Progressive e-learning design revolves around users and their lives. Sylvia Vorhauser-Smith writes in a Forbes article that the future of e-learning platforms will be making learning “easier to find, more engaging to digest and accessible on-demand.” So how does progressive e-learning design fit into all of this?

It’s long past time that students only had access to the family PC for lessons. Today, 70% of e-learners use their smartphones. And, as we’ll see, progressive design adapts content to suit the device, which is crucial for those who learn on their phones or tablets.

HTML5 is the golden ticket that allows e-learning developers to create online solutions that can automatically morph content to suit varying screen sizes. The crucial part here is to not only adapt the size of content but also make it easily digestible. Shrinking content from desktop to mobile devices isn’t enough; the writing becomes all but illegible and frustrates the user.

Progressive design positions content in a way that delivers a delightful experience to the user.

There’s a lot you can also do with progressive design. Many e-learning frameworks, such as Adapt, have a tagging function, which allows you to choose the content that is “hidden” depending on the device used. Tagging prevents interface cluttering and gives a smooth on-the-go learning experience.

When progressive design is executed well, learners will feel that the course fits well into their lives. And those low completion rates that most e-learning businesses endure will improve.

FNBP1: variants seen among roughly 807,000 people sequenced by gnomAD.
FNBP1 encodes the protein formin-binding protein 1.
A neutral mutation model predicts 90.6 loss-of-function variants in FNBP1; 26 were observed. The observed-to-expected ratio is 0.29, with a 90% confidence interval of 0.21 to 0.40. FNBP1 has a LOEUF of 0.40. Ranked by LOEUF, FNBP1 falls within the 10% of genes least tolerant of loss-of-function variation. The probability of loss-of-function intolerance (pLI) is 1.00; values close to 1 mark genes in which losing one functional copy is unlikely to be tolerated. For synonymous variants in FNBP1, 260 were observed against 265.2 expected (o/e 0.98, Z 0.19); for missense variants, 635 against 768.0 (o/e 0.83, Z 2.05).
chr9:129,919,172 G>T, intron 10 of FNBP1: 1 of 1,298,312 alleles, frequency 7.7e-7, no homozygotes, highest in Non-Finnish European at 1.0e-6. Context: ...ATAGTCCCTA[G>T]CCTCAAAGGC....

Progressive Design vs. Apps

Progressive Design vs. Apps

E-learning website platforms have the edge on apps. There is a backlash on apps, as people are frustrated with the memory that these take up on their phone. Storage that they’d much rather give to their Spotify playlists. According to comScore, 66% of Americans download on average zero apps per month. This issue makes selling e-learning apps a tough sell.

You may have heard of responsive design within e-learning, which was the new kid on the block a few years ago. Progressive design is much more fluid. Grids and images are much more flexible and need less direction on where to be positioned.

Although technology advances are made every other week and leading edge companies will jump at folding these into their branding and services, the majority of companies will adopt only when Google announces that it’s time. In 2015, Mobilegeddon emerged, giving companies the ultimatum to create mobile-friendly websites or risk falling down the ranks. Responsive design, across all industries, then became the norm.

Fast forward to 2017 and Google have announced the AMP (Accelerated Mobile Platforms), an initiative that declares that sites now need to load instantly and be even better adapted for mobile devices.

Another area that drives responsive learning ahead as the more favorable option is its agile properties.

Think about it, creating a platform of any sort is not a smooth sail, there are going to be continuous tweaks as real users give feedback. Updating a web-based site is much simpler than doing so on an app. And not just for the L&D team. Users often ignore updates, so mistakes may not even be fixed giving your clients a substandard service.